If you have ever walked past the war memorial outside St Boniface Church in Hursley Road, you may have wondered about those named on it. Perhaps you wanted to know a bit more about them and how they died in the Great War. Or maybe a bit more about the Chandler’s Ford they left in 1914.
Margaret Doores, a long-time resident of our town, did just that and decided to do something about it. A keen family historian, she decided to put her research skills to use and investigate …
Margaret Doores has now published Love’s Greatest Gift – Remembrance
Margaret set out to research the lives and deaths of all those listed on the Chandler’s Ford war memoria and these are now published in a short book (more information below). The details of the 51 men and one woman (more about her in a minute) commemorated make fascinating reading.
They give us an insight into the families and home lives these men left behind; they tell us about their work, opening up a picture of Chandler’s Ford in the early years of the last century – a very different world to the one know now. It tells us about how they died and where they are buried or remembered.
The book is arranged thematically, which helps make sense of the wider picture. Chapters focus on families where two brothers died; those who died at sea; those killed in France, Belgium, the Balkans or the Middle East; and on particular campaigns or battles, notably the two Battles of the Somme.
Two families who each lost two sons
We read of two families who each lost two sons: the Wilsons, whose sons were an army officer and a naval officer, both killed in 1916; and the Mitchell boys, both in the army, whose dad worked in one of the many brickyards in the area.
In Pine Road cemetery we can see the graves of Pte John Dyke and Ordinary Seaman William Kelsey, both of whom were brought back to the UK suffering from wounds or disease, and died here.
Fathers and sons from the Railway Works
The Railway Works were a major employer in the area and several men, or their fathers, worked there. Pte Fred Whitmore’s father was a spring-maker for the railway (perhaps for the seating, as Eastleigh was a carriage works?). Fred was a milk boy and initially enlisted as a fireman in the merchant navy but later transferred to the army. He fought in the disastrous Gallipoli Campaign where he died. He is buried in Turkey.
Seven of our men died at sea
Seven of our men died at sea, some of whom have no known grave, only the deep. They are commemorated at the Portsmouth Naval Memorial. Able seaman Fred Harfield’s father was the local police constable, although on retirement from the force, became a groundsman at a golf course, where his son also worked as a caddy. Fred died when his ship was attacked outside Dover. It broke in two and sank in eight minutes. Fred’s body was never recovered.
Who was Margaret Caswell?
The only woman whose name is on our memorial is Margaret Caswell who worked as a waitress at the Officer’s Club, Somme. She died in 1918 when a bomb fell, killing eight and wounding seven more.
The vicar’s boy
The Vicar of Chandler’s Ford at the time, Rev Rene Pierssene, had five children of whom the eldest, Andrew, was an officer serving in Egypt, Palestine and France. In September 1918 Andrew was admitted to hospital with wounds and fractures in both thighs and died the next day. He is buried in France and a memorial service to him and three others was held at St Boniface.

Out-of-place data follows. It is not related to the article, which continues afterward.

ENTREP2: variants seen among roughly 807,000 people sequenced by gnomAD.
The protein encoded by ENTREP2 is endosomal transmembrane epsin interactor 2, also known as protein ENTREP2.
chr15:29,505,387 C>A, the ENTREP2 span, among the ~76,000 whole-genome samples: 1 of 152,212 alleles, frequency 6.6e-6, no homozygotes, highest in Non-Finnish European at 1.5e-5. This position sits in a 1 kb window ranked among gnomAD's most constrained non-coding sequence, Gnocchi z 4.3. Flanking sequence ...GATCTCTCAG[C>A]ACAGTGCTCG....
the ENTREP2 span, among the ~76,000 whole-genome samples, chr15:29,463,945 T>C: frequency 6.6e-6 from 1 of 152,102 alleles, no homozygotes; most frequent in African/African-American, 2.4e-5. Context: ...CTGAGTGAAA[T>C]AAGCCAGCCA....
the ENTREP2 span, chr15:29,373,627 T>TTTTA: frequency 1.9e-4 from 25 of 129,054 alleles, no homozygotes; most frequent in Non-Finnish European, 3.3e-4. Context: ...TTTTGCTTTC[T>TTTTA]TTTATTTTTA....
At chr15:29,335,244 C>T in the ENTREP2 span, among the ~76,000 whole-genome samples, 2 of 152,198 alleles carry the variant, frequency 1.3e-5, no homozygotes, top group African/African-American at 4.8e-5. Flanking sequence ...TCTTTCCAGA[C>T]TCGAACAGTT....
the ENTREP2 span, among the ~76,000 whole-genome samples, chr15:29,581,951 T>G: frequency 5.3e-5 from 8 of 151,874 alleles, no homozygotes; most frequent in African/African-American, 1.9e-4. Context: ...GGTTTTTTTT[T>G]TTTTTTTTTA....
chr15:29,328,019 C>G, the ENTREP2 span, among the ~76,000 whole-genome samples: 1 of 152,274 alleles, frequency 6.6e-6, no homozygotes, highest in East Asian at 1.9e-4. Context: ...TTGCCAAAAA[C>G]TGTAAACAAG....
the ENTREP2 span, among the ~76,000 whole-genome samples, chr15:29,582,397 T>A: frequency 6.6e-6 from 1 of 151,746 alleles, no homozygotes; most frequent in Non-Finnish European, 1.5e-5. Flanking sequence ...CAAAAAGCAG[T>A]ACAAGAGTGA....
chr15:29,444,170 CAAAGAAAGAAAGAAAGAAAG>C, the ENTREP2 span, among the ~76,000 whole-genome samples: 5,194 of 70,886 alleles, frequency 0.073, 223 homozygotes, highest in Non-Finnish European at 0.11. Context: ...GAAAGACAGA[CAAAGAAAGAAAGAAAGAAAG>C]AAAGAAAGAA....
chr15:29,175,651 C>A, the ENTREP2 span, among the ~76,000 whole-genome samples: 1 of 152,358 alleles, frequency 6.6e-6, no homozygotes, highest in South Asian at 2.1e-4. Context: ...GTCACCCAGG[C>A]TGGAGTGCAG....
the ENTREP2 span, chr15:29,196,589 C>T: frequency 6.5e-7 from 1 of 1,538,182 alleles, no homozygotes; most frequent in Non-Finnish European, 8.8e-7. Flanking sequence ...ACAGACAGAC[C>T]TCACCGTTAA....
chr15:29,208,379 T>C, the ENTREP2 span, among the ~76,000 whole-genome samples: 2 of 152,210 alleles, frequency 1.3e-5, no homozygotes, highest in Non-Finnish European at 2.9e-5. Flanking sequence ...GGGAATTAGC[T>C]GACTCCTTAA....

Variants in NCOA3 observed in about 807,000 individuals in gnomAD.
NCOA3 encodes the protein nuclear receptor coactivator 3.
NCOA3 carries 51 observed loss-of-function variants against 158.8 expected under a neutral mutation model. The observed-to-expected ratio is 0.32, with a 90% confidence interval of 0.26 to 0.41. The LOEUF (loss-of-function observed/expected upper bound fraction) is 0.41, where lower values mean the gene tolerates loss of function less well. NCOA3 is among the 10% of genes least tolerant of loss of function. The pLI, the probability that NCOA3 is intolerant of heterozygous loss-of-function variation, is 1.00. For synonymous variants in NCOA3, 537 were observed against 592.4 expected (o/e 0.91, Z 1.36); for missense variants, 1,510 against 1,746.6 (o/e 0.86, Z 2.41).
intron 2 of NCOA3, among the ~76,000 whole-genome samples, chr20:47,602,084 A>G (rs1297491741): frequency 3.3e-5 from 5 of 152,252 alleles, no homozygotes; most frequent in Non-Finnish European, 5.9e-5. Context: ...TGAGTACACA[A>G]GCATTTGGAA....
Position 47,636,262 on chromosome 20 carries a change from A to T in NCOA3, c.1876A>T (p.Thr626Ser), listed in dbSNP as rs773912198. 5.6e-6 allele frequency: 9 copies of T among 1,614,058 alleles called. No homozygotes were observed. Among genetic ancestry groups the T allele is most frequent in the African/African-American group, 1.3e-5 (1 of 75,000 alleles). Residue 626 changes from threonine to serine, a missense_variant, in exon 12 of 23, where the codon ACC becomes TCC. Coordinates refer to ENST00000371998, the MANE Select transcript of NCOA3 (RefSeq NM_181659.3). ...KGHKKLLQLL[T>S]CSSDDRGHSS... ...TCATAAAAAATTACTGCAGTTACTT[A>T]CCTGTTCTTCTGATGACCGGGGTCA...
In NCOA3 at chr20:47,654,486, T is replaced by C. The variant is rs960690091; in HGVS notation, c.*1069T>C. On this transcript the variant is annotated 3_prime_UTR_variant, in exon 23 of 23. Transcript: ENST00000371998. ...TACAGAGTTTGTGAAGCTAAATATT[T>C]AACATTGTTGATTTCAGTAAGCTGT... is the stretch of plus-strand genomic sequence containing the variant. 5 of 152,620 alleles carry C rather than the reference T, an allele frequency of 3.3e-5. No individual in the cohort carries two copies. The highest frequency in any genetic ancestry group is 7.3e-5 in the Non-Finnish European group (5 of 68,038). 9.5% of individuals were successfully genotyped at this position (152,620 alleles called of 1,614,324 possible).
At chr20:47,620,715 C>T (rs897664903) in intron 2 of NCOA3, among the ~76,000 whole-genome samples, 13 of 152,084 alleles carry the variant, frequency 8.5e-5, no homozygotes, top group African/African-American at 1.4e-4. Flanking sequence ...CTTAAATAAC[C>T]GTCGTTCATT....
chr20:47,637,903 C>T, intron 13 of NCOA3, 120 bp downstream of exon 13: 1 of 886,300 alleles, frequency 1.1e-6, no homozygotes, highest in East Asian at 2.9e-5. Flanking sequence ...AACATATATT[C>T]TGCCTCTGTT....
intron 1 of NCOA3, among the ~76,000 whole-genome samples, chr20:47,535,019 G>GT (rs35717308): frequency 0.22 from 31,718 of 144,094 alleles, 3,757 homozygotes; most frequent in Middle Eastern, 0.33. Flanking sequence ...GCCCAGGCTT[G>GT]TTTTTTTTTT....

Only half our men were born in Hampshire
In appendices, Margaret helpfully shows the men’s places of birth, which was far-wider ranging than might be expected. Only half our men were born in Hampshire, the remainder coming from other parts of the UK and four from overseas. She looks at their (or their fathers’) places of work and finds, not so surprisingly, that several worked in the brickfields, more on the railway, others on farms. She has also gathered information regarding whereabouts in Chandler’s Ford they lived.
A glimpse at the school records and logs of the time shows how the war impacted on this side of life. One day in 1914, there was no school because of the route march of over 30,000 soldiers through the village, throughout the day. The same year four Belgian refugee children joined the school. In 1916 one of the teachers left to join the army. In 1917 the children collected 6 cwt 8 lb of horse chestnuts for munitions. In October 1918 the school closed for a month due to influenza. I wonder if this was an early stage of the Spanish flu that killed so many in the year after the war?
A tribute to the best and brightest of our young men
This book will be of great interest to anyone in our twenty-first century community who wants to take a look back to a time when the world was a very different place, to a time when the best and brightest of our young men went to fight for their country, many never to return. The book is a tribute to them and an acknowledgement of their sacrifice.
The book was launched at St Boniface Church on 21 October. Pictured is the author with the mayor, Cllr Bruce Tennent. Copies of the book, Love’s Greatest Gift – Remembrance, priced £5, can be obtained from the author. Email: email@example.com.